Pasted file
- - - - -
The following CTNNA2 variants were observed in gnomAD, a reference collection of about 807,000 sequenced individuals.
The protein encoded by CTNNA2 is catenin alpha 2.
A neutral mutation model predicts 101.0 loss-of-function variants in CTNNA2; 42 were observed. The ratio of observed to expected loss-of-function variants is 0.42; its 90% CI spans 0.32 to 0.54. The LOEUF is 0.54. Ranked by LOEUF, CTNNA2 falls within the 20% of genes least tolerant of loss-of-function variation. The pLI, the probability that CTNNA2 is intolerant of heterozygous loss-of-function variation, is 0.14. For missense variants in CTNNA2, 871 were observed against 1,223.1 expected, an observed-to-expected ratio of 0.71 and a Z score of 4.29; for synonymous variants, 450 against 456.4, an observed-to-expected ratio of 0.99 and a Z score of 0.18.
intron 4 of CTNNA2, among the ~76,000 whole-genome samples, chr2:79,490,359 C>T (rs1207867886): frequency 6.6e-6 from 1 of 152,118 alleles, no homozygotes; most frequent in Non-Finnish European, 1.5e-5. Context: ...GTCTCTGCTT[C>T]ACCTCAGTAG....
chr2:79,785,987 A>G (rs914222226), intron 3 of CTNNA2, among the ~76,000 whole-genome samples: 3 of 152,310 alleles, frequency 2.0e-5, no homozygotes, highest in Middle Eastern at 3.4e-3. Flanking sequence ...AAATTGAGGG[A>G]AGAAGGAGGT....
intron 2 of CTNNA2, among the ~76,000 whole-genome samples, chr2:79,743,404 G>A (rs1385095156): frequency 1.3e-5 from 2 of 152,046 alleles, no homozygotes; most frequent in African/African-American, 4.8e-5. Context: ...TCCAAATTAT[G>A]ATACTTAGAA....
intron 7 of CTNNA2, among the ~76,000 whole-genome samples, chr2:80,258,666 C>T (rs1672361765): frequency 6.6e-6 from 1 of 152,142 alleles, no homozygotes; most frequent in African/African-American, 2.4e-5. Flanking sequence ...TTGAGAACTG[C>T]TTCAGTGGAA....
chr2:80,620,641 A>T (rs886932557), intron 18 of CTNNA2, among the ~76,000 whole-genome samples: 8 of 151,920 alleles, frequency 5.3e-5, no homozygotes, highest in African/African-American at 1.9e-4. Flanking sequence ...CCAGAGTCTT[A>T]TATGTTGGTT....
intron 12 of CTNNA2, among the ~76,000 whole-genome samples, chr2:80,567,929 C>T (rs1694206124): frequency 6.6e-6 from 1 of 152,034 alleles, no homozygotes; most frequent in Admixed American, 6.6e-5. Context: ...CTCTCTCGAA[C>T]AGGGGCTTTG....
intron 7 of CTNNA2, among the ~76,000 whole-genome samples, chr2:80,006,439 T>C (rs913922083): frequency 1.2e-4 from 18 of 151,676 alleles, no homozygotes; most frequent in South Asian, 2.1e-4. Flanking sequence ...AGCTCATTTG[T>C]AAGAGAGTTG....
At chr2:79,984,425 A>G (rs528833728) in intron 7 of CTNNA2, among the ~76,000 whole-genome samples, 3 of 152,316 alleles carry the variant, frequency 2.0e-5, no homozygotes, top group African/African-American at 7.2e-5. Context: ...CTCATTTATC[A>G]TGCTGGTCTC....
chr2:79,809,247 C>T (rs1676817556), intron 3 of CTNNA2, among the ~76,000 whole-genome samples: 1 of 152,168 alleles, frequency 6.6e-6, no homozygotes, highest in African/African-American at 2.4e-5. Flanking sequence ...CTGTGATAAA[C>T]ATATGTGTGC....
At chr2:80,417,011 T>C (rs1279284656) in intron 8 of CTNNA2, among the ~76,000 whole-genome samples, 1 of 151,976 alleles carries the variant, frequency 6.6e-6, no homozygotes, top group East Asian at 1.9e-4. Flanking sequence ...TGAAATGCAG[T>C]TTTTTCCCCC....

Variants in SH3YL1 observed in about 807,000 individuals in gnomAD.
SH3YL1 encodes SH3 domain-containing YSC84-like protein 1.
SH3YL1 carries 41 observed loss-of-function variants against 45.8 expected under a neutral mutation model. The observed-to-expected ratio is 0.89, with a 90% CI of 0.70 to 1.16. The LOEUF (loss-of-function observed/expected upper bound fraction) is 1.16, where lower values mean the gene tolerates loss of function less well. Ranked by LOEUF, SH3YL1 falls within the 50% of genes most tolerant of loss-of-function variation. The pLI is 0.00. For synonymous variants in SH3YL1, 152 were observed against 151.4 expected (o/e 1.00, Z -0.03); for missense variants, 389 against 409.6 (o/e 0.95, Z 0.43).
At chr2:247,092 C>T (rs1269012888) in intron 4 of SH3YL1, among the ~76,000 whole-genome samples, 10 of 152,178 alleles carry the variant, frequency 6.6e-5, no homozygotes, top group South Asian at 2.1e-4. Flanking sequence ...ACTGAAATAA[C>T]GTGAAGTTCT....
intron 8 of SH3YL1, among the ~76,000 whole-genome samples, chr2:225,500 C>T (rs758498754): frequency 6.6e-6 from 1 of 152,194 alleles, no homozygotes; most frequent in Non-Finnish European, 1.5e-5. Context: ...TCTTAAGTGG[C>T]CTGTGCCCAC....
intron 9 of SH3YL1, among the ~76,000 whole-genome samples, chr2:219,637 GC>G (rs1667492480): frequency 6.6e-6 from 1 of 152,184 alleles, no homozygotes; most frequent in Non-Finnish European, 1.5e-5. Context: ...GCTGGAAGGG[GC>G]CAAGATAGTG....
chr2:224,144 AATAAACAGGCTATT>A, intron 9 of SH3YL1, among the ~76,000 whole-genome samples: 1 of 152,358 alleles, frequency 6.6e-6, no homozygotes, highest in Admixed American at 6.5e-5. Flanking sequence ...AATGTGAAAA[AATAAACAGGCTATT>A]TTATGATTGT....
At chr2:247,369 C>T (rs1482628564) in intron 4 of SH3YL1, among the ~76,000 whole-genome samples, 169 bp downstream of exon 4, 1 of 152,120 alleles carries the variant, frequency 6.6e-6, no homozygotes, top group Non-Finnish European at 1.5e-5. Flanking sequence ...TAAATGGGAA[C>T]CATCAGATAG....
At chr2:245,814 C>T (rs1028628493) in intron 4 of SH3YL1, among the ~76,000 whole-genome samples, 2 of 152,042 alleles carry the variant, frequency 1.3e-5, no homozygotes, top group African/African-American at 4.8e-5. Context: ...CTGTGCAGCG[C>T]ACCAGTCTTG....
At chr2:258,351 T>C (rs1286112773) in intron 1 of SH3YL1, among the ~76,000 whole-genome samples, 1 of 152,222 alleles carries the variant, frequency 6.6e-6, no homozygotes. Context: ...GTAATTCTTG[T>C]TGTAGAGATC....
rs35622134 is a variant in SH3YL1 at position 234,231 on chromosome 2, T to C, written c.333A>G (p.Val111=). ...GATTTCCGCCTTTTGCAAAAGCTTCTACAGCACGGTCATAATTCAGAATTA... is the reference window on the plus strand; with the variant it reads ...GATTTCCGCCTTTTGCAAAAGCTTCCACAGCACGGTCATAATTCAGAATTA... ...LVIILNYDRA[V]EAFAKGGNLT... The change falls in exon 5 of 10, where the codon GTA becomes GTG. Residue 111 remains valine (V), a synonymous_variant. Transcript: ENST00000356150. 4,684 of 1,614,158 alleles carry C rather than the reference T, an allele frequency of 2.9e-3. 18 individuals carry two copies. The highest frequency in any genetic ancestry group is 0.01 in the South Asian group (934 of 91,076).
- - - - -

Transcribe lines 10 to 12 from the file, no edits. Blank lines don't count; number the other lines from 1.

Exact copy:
intron 7 of CTNNA2, among the ~76,000 whole-genome samples, chr2:80,006,439 T>C (rs913922083): frequency 1.2e-4 from 18 of 151,676 alleles, no homozygotes; most frequent in South Asian, 2.1e-4. Flanking sequence ...AGCTCATTTG[T>C]AAGAGAGTTG....
At chr2:79,984,425 A>G (rs528833728) in intron 7 of CTNNA2, among the ~76,000 whole-genome samples, 3 of 152,316 alleles carry the variant, frequency 2.0e-5, no homozygotes, top group African/African-American at 7.2e-5. Context: ...CTCATTTATC[A>G]TGCTGGTCTC....
chr2:79,809,247 C>T (rs1676817556), intron 3 of CTNNA2, among the ~76,000 whole-genome samples: 1 of 152,168 alleles, frequency 6.6e-6, no homozygotes, highest in African/African-American at 2.4e-5. Flanking sequence ...CTGTGATAAA[C>T]ATATGTGTGC....